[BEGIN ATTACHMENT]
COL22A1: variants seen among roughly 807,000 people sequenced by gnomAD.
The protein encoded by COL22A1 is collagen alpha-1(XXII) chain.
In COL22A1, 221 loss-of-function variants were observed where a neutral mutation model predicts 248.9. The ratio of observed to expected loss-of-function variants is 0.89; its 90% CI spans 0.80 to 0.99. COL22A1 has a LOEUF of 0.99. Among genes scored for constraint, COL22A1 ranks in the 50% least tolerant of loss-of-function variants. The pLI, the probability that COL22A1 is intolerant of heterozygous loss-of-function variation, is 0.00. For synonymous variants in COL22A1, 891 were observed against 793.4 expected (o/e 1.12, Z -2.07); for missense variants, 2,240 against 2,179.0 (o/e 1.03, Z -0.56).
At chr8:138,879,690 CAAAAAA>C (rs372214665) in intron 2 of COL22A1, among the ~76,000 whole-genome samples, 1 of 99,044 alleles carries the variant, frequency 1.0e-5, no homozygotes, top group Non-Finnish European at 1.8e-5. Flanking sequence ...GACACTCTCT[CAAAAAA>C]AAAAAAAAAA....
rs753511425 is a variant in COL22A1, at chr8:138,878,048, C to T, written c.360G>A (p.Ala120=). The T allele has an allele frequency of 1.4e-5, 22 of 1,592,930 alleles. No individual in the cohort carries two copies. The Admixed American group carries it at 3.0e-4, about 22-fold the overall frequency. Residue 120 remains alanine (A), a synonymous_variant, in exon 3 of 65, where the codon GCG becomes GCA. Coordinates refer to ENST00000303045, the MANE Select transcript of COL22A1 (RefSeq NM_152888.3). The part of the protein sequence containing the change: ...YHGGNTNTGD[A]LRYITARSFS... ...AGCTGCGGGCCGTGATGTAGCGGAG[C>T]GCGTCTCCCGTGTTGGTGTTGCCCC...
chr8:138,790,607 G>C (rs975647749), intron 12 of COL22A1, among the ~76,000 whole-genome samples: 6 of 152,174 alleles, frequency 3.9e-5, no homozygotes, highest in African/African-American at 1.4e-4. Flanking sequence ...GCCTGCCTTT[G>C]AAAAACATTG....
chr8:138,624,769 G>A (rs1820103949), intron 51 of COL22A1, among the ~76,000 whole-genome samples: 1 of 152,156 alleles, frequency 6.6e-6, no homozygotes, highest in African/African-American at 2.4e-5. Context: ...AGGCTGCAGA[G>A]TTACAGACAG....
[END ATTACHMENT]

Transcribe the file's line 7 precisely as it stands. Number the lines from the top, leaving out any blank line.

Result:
chr8:138,624,769 G>A (rs1820103949), intron 51 of COL22A1, among the ~76,000 whole-genome samples: 1 of 152,156 alleles, frequency 6.6e-6, no homozygotes, highest in African/African-American at 2.4e-5. Context: ...AGGCTGCAGA[G>A]TTACAGACAG....